Are you trying to grow your business past the $1 million mark, but not getting results? You’re not the only one. Nell Merlino (pictured), founder of the Make Mine a Million program, recently talked with Bloomberg Businessweek about the difficulties women-owned businesses have surpassing this magic number.
Make Mine a Million, which Merlino launched in 2005, aimed to help 1 million women-owned businesses reach $1 million in sales by 2010. Merlino didn’t reach that goal, although she did accomplish a lot: “We’ve raised $10 million and helped women generate $100 million in revenue and create 6,000 jobs,” she told Businessweek’s Karen E. Klein.
While women-owned business grew at almost double the rate of the average U.S. business between 1997 and 2006, that growth has since slowed. Merlino says one factor is the recession, but there are other issues holding women-owned companies back. The big one? Independence.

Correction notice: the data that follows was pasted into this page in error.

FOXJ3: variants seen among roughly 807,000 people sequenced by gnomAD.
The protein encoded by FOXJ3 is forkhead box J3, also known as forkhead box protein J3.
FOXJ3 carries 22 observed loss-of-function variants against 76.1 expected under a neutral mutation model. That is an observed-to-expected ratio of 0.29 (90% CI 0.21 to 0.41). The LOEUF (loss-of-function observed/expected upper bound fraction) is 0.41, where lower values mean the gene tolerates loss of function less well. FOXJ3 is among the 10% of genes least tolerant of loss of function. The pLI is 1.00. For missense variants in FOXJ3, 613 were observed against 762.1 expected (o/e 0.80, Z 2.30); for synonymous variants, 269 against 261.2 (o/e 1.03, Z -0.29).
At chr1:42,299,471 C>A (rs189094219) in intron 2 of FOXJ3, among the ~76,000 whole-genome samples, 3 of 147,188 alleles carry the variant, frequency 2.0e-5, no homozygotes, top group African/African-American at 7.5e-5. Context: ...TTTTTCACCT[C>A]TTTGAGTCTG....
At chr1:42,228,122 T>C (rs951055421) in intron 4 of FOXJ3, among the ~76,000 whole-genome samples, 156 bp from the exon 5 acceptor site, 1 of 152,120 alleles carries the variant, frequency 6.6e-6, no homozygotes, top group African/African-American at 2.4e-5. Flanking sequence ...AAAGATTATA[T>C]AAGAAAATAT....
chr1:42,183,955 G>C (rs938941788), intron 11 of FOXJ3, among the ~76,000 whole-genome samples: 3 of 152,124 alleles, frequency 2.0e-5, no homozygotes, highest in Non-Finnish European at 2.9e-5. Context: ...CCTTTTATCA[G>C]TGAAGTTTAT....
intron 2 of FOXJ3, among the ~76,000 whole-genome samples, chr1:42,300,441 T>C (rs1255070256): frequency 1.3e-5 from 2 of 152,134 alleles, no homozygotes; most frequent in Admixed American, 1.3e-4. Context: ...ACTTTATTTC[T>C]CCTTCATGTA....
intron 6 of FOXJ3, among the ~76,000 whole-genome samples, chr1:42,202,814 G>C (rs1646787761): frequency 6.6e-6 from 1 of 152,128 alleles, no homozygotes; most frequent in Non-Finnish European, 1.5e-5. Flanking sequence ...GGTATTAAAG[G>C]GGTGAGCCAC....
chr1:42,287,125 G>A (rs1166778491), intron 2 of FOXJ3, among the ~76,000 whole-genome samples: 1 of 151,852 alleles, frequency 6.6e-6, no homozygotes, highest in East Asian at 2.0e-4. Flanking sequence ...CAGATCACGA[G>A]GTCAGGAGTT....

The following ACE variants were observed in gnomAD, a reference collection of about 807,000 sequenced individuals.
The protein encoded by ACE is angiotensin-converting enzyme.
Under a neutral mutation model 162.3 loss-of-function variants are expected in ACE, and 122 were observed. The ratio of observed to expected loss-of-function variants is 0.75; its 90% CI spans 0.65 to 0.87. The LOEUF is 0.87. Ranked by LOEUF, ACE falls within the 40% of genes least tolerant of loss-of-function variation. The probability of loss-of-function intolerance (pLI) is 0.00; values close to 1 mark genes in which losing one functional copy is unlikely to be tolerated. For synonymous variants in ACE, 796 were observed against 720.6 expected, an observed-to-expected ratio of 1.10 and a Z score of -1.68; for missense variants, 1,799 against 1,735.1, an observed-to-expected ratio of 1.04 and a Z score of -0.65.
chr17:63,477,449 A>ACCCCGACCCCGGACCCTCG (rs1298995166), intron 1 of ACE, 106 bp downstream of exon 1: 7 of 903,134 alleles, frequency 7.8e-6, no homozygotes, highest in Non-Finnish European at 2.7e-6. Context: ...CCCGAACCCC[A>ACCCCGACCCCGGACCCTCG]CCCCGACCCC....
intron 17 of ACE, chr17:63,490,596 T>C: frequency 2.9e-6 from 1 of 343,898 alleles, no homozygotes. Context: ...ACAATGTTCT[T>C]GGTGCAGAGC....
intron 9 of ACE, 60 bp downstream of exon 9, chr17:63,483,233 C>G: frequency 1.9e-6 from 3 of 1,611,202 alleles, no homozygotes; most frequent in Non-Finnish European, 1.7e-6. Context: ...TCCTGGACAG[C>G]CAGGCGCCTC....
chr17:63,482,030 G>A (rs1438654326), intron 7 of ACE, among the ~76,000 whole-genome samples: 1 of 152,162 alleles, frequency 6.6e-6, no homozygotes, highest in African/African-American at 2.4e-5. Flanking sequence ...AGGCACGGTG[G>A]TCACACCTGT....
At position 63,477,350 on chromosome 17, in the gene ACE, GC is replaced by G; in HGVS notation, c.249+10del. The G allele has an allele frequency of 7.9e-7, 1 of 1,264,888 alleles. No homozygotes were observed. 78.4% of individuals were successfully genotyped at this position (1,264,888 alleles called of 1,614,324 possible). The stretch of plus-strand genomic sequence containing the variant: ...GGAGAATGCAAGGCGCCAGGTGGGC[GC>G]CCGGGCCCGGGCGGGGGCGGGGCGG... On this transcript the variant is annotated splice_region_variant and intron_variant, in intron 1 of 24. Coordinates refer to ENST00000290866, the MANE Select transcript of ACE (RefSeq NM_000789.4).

Let me explain. A 2009 contest Merlino ran garnered 1,500 entries; only 54 women business owners who participated successfully reached the $1 million goal.
What helped those 54 businesses reach $1 million ? One factor, Merlino says, is that they were willing to get help.
They followed all of Make Mine a Million’s recommendations, including attending the organization’s webinars, participating in its 15-minute telephone speed-coaching sessions, and retaining business coaches on their own to push them toward their goals.
They were also willing to get help another way: by hiring. In a survey Merlino’s organization performed of women-owned companies with revenues of $150,000 to $700,000, 87 percent wanted to grow—but 54 percent contended they could grow their companies without hiring.
Merlino notes women tend to avoid hiring because they are worried about being responsible for employees, making payroll and losing control of the business. They often believe that doing everything themselves makes their businesses more manageable. As you’ll probably acknowledge if you’re honest about it, doing everything yourself is a recipe for losing control—which only serves to severely limit your growth.
If you’re looking to grow your business, take Merlino’s advice. Get ready to delegate and free up your own time for big-picture thinking, brainstorming new products and coming up with new ideas. Only then will you enjoy the kind of growth you’re envisioning.